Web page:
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Remember The Ice Bucket Challenge? It Just Funded A Major Breakthough In ALS Research
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People, Science6 years ago

Remember The Ice Bucket Challenge? It Just Funded A Major Breakthough In ALS Research

Remember the ice bucket challenge? Well, guess what? The charity fundraiser condemned by many as “slacktivism” has just funded a major breakthrough in ALS research.

The University of Massachusetts Medical School’s Project MinE has just identified the gene that is responsible for ALS (Amyotrophic lateral sclerosis, also known as Lou Gehrig’s disease or Motor Neuron Disease). This game-changing discovery, published in Nature Genetics, was possible thanks to the 1 million USD that was donated to scientists at the university from the Ice Bucket Challenge. More than 5,000 people each year are diagnosed with ALS in the U.S alone, and the discovery of the gene in question (named NEK1) could lead to a better understanding of, and treatment for, ALS.

“The ALS Ice Bucket Challenge enabled us to secure funding from new sources in new parts of the world,” said Bernard Muller, founder of Project MinE and an ALS patient. “This transatlantic collaboration supports our global gene hunt to identify the genetic drivers of ALS.”

More info: UMASS | alsa.org

Remember the Ice Bucket Challenge back in 2014?

Image credits: Mr.Gregor

Millions of people took part to help raise money and awareness for ALS, otherwise known as  Lou Gehrig’s disease

Image credits: thegatesnotes

Well, some of the $100+ million USD raised from the initiative has just helped scientists to make a major breakthrough in ALS research!

Image credits: Broadimage/REX

They’ve finally identified the gene that causes ALS. It’s called NEK1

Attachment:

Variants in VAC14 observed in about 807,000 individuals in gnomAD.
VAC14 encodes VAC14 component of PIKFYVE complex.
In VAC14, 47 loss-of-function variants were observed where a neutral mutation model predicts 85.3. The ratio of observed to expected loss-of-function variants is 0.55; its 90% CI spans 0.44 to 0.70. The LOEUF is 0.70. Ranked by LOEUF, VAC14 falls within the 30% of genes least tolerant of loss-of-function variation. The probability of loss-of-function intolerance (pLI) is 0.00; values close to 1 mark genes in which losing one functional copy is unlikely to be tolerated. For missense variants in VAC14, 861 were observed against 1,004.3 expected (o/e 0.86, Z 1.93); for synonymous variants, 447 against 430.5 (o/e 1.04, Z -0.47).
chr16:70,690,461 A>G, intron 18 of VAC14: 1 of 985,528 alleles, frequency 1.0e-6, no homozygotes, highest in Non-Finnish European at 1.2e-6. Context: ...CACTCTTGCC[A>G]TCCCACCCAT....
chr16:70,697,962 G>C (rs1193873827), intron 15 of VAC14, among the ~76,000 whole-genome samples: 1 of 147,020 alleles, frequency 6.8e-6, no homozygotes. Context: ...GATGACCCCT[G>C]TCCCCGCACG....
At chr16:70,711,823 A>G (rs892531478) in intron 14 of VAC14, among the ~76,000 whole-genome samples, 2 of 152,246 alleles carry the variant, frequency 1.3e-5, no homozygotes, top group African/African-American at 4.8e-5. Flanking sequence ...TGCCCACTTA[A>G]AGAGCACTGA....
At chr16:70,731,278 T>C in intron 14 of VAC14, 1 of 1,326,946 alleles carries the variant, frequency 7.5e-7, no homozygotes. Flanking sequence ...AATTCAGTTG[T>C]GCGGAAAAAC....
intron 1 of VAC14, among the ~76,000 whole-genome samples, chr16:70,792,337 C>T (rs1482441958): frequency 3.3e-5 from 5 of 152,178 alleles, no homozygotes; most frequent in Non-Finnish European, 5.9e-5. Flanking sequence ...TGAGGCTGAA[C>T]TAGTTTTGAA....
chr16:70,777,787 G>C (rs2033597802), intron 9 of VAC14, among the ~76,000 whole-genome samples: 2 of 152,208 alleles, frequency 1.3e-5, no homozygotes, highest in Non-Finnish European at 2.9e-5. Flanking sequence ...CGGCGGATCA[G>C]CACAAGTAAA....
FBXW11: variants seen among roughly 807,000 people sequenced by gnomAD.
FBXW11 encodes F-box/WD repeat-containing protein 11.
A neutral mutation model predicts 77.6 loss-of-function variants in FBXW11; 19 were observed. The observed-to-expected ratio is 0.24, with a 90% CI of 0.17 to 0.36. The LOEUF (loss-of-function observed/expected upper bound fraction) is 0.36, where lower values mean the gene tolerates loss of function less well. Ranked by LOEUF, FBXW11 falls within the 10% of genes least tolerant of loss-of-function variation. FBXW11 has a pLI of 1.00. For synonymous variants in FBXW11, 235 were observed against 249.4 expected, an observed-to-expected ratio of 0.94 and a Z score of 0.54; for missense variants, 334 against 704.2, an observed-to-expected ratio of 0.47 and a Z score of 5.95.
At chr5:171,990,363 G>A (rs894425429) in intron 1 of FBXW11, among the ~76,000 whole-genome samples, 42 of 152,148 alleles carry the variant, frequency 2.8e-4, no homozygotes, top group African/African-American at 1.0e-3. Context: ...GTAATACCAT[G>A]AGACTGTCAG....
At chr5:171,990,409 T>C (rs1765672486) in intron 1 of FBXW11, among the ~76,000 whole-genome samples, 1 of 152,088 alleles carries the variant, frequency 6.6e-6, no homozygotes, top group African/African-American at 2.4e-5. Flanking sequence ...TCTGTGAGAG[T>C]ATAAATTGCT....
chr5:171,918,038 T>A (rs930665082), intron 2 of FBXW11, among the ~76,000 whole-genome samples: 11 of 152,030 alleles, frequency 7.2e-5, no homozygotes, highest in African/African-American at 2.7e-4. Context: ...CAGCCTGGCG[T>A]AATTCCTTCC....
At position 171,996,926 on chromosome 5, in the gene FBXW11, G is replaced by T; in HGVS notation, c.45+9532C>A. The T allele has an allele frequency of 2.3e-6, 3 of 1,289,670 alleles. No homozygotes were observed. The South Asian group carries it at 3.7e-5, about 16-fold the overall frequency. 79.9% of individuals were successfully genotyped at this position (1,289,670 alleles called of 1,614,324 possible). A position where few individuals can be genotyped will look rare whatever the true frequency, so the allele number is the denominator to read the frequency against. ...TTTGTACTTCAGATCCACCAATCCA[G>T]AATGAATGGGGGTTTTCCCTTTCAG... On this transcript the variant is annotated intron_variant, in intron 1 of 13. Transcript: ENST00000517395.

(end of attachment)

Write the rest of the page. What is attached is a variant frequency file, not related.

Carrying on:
Image credits: Nature

Many people, including Stephen Hawking, suffer from ALS. Most people die within 2 to 5 years of diagnosis but Hawking has a rare form of the disease

Image credits: Lwp Kommunikáció

ALS attacks the body’s nerve cells responsible for controlling voluntary muscles. There is currently no cure but discovering NEK1 is a huge step forward

Image credits: nursingcrib

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Maheak
Community Member
6 years ago

Well done!

António Lima
Community Member
6 years ago

I wish that we should be always like this: HUMANS!

mofoso fisto
Community Member
2 years ago (edited)

My first symptoms of ALS occurred in 2011, but was diagnosed in 2013. I had severe symptoms ranging from shortness of breath, balance problems, couldn't walk without a walker or a power chair, i had difficulty swallowing and fatigue. I was given medications which helped but only for a short burst of time, then i decided to try alternative measures and began on ALS Formula treatment from Akanni herbal centre , It has made a tremendous difference for me (Visit www. akanniherbalcentre .com). I had improved walking balance, increased appetite, muscle strength, improved eyesight and others. 

Load More Comments
Maheak
Community Member
6 years ago

Well done!

António Lima
Community Member
6 years ago

I wish that we should be always like this: HUMANS!

mofoso fisto
Community Member
2 years ago (edited)

My first symptoms of ALS occurred in 2011, but was diagnosed in 2013. I had severe symptoms ranging from shortness of breath, balance problems, couldn't walk without a walker or a power chair, i had difficulty swallowing and fatigue. I was given medications which helped but only for a short burst of time, then i decided to try alternative measures and began on ALS Formula treatment from Akanni herbal centre , It has made a tremendous difference for me (Visit www. akanniherbalcentre .com). I had improved walking balance, increased appetite, muscle strength, improved eyesight and others. 

Load More Comments
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